caused her to lose her balance, reasonably could qualify as such.
Martin says that he followed protocol; but the video shows that he did not bring the
appropriate equipment with him to the patient, he did not initiate ALS, and he did not secure the
patient to the backboard. Martin argues that there is a dispute as to whether he was required to
follow certain protocols, because as he has said repeatedly, the patient was deceased by the time he
arrived. However, the protocols call for specific procedures unless the patient is “pulseless and
apneic (without agonal respirations) without organized electrical activity (must be asystolic or other
rhythm with rate less than 40/min).” When Stevens arrived, Martin was seated in the ambulance
watching the monitor that showed the patient’s PEA rhythm between 40 to 48. Stevens ordered
protocols to be followed, the Allegiance Emergency Department instructed the patient to be taken
to the emergency room, and every other emergency responder on the scene appears to have followed
the relevant procedures and protocols for a victim in the patient’s condition.
This evidence is undisputed, and entitles the defendants to the benefit of the “honest belief
rule.” See Seeger v. Cincinnati Bell Tel. Co., LLC, 681 F.3d 274, 285 (6th Cir. 2012). “Under [this]
rule, an employer’s proffered reason is considered honestly held where the employer can establish
it reasonably reli[ed] on particularized facts that were before it at the time the decision was made.”
Ibid. (quoting Joostberns v. United Parcel Servs., Inc., 166 F. App’x 783, 791 (6th Cir. 2006)). To
overcome that rule, the plaintiff must “produce sufficient evidence to establish that the employer
failed to make a reasonably informed and considered decision before taking its adverse employment
action.” Ibid. (quoting Smith v. Chrysler Corp., 155 F.3d 799, 807 (6th Cir. 1998)).
There is no proof that the defendants failed to consider all of the available evidence before
taking action. But Martin says that the defendants took an inconsistent position before the EEOC,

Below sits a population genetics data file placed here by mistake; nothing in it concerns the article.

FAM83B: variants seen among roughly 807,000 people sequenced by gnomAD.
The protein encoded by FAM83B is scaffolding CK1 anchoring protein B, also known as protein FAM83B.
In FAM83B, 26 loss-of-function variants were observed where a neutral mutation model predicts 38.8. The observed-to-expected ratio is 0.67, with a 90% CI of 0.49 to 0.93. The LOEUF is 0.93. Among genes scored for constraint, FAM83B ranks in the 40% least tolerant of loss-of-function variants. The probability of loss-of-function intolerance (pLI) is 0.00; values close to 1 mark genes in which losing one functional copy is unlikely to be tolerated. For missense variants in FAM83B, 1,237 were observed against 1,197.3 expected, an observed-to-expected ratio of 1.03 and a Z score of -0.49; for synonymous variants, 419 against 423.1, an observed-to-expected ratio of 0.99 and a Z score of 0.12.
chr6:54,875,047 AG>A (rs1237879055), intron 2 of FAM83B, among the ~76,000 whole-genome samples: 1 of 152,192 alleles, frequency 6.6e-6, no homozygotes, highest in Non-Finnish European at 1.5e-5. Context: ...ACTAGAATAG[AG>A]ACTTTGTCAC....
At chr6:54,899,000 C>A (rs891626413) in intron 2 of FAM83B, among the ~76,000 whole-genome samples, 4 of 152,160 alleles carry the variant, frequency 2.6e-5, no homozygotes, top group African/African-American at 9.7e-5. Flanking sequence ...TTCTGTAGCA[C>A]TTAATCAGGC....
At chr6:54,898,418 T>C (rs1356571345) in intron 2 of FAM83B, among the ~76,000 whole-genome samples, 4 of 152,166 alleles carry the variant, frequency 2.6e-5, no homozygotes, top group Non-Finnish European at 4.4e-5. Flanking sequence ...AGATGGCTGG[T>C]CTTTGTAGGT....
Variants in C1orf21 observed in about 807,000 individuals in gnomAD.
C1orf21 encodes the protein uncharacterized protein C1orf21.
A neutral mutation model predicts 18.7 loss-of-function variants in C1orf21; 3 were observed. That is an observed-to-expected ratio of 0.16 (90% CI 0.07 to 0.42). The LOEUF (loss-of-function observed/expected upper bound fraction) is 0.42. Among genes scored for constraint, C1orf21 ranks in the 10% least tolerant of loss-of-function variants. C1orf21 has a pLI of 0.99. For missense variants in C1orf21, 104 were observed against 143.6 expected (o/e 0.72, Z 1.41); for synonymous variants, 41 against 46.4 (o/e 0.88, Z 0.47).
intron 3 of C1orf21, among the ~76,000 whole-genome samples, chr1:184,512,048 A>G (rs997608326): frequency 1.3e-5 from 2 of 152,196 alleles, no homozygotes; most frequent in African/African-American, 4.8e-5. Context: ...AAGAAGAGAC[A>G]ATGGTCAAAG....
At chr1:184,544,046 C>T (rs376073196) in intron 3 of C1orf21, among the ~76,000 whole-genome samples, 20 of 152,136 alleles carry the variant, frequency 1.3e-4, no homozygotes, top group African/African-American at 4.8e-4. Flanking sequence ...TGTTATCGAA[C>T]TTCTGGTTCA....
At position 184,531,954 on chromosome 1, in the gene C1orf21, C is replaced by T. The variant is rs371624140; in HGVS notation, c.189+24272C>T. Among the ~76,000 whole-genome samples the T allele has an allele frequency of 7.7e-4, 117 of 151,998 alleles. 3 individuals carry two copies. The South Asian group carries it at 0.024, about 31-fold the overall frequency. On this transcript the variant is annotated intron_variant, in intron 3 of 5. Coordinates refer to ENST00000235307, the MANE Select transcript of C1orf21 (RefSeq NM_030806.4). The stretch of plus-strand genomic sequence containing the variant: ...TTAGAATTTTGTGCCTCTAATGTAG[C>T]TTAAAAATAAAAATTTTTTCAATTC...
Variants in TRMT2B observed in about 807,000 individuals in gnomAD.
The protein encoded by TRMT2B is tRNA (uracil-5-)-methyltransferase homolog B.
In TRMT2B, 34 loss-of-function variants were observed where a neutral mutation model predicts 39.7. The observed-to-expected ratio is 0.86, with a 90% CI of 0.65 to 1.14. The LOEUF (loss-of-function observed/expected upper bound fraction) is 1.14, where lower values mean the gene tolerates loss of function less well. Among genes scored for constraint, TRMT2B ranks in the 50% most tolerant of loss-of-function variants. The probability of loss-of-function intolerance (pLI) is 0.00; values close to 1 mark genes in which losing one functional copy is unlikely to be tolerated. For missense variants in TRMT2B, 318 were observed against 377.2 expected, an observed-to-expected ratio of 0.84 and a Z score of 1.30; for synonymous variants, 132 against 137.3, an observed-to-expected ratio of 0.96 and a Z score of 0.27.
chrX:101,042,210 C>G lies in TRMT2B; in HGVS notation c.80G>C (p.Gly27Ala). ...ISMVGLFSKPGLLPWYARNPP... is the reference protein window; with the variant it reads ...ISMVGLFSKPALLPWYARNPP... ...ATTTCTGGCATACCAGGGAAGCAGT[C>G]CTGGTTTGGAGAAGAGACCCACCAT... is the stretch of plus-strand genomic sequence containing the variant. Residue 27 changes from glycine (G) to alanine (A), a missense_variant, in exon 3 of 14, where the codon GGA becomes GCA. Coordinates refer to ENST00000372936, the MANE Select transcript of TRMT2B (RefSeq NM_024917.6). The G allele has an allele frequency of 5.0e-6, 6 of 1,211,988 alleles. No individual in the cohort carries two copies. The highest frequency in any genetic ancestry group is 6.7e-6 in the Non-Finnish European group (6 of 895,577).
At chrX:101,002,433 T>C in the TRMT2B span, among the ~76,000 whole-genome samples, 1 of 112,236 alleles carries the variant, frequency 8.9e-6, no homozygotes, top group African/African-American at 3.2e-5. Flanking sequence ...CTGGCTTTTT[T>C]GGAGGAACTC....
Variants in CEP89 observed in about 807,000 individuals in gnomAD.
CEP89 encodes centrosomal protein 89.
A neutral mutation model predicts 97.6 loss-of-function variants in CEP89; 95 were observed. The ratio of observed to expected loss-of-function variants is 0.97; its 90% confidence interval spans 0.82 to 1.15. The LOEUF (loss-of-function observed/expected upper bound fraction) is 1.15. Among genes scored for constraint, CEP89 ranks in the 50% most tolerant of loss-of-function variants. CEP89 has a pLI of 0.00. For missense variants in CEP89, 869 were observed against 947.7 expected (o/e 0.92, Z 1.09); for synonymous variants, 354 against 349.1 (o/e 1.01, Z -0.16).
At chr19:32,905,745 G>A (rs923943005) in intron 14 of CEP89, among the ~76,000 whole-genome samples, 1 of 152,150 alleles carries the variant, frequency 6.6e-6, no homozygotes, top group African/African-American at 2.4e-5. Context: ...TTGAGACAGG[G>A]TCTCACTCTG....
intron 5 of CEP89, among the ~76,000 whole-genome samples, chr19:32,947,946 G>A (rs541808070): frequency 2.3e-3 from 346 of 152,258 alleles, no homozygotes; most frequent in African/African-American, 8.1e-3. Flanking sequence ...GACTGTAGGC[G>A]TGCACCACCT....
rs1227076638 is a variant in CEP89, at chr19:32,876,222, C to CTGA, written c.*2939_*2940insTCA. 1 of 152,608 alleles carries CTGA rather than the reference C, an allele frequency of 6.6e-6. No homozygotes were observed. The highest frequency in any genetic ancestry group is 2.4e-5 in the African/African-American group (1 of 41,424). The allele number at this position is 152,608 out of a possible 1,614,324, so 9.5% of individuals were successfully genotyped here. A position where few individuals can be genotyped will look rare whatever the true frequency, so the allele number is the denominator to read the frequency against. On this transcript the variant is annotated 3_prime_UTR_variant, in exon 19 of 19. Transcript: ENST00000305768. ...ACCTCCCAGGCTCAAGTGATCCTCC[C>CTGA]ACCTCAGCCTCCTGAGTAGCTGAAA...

relying in their letter only on the shove of Ms. Shore to justify the firing. However, Martin’s
characterization of the defendants’ EEOC position letter is not accurate. The letter does not say that
the sole reason Martin was terminated was because of the physical contact he had with Ms. Shore.
The letter says that an investigation was conducted to review his professional behavior and his
treatment of the patient. It then states, in broad terms, that Martin violated company policies that
apply to both patients and bystanders, and quotes the relevant language. The letter’s language
encompasses all of Martin’s behavior, not merely the act of pushing Ms. Shore.
Martin also insists that the defendants acknowledged a concern over his stress-related
disability. But the undisputed evidence shows that the only time the defendants discussed Martin’s
disability was when he raised the issue after July 19, 2014, and they consulted their attorneys about
whether they could still move forward on his termination. That precautionary contact with their
attorneys is not evidence of disability discrimination. Nor does it undermine the defendants’
legitimate reasons for the termination.
It is not difficult to believe that Martin suffered from an acute stress reaction during the June
15, 2014 incident, and that it affected his ability to respond appropriately to the situation. But he
cannot show that his termination was “because of” his disability. To succeed, Martin does not have
to show that his termination was based “solely” on his disability, but he must show that his
termination would not have occurred “but for” his disability.
The undisputed evidence
demonstrates, however, that the defendants had decided to terminate Martin before he ever notified
them of his disability. As Martin acknowledges, the defendants “talked to their attorneys about the
‘disability’ and informed them that they wished to move forward with his termination because of
protocol violations.” Martin has not shown that the defendants’ reasons for terminating him were
The undisputed evidence shows that the defendants fired the plaintiff for legitimate reasons.
The plaintiff has not offered evidence sufficient to create a genuine issue of fact that those reasons
were pretextual, or that he would not have been fired but for his disability.
Accordingly, it is ORDERED that the defendants’ motion for summary judgment [dkt. #29]
It is further ORDERED that the second amended complaint is DISMISSED WITH
s/David M. Lawson
DAVID M. LAWSON
United States District Judge
Dated: December 28, 2016
PROOF OF SERVICE
The undersigned certifies that a copy of the foregoing order was served
upon each attorney or party of record herein by electronic means or first
class U.S. mail on December 28, 2016.
s/ Susan Pinkowski